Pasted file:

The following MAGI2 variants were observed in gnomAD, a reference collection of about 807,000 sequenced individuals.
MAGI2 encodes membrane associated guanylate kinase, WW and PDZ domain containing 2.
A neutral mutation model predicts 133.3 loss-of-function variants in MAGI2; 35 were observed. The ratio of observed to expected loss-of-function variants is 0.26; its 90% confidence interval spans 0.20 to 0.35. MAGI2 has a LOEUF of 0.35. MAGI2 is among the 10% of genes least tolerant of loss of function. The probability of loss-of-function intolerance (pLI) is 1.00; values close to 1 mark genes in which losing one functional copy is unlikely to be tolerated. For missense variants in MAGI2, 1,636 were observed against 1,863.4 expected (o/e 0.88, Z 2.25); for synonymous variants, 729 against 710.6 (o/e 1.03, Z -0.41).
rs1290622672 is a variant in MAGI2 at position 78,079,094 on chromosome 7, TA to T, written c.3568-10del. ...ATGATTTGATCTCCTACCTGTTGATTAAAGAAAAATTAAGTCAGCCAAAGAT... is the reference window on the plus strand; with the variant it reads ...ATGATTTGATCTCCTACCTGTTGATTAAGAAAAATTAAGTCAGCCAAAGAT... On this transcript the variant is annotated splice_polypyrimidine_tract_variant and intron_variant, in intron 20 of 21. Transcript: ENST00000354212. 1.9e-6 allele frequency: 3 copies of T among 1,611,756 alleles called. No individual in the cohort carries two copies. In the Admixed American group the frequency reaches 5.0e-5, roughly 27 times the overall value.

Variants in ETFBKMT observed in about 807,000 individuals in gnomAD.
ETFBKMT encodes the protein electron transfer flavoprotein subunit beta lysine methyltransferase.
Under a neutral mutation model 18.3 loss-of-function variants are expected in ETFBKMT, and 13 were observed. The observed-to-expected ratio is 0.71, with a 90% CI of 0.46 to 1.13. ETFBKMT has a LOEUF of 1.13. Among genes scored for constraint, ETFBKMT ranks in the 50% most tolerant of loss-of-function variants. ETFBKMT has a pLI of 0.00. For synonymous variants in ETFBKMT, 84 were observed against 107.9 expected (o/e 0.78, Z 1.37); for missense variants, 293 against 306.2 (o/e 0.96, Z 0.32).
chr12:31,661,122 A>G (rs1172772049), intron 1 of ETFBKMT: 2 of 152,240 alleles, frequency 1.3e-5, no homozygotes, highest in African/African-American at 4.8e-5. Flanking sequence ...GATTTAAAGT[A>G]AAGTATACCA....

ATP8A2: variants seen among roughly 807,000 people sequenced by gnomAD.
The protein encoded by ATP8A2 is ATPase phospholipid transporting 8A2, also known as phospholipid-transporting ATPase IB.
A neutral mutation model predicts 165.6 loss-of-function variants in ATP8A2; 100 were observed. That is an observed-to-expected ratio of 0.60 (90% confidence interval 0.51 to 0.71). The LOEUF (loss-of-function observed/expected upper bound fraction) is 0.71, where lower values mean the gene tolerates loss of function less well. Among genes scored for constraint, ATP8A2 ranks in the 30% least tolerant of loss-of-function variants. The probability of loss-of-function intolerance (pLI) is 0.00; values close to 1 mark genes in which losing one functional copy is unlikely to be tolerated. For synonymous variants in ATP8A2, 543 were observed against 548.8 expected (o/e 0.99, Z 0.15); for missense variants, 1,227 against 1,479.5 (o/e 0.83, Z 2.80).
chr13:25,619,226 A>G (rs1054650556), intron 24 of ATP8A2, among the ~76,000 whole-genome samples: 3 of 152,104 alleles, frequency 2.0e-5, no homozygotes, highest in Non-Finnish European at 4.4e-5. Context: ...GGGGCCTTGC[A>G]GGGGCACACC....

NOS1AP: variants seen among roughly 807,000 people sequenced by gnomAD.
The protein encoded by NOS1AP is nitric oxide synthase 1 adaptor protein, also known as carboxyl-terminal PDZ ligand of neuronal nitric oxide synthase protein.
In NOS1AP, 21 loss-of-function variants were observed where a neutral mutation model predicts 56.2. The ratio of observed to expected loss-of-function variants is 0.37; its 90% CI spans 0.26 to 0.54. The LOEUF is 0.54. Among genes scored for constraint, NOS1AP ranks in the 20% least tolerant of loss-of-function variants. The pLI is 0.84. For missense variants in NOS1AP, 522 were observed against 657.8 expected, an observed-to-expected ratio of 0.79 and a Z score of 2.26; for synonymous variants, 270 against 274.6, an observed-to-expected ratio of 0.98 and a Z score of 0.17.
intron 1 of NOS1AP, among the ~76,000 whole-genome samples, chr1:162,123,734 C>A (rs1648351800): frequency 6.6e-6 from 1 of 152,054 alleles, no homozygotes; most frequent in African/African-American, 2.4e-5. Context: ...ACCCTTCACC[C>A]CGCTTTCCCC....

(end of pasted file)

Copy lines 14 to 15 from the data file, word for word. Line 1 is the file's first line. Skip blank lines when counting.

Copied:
The protein encoded by NOS1AP is nitric oxide synthase 1 adaptor protein, also known as carboxyl-terminal PDZ ligand of neuronal nitric oxide synthase protein.
In NOS1AP, 21 loss-of-function variants were observed where a neutral mutation model predicts 56.2. The ratio of observed to expected loss-of-function variants is 0.37; its 90% CI spans 0.26 to 0.54. The LOEUF is 0.54. Among genes scored for constraint, NOS1AP ranks in the 20% least tolerant of loss-of-function variants. The pLI is 0.84. For missense variants in NOS1AP, 522 were observed against 657.8 expected, an observed-to-expected ratio of 0.79 and a Z score of 2.26; for synonymous variants, 270 against 274.6, an observed-to-expected ratio of 0.98 and a Z score of 0.17.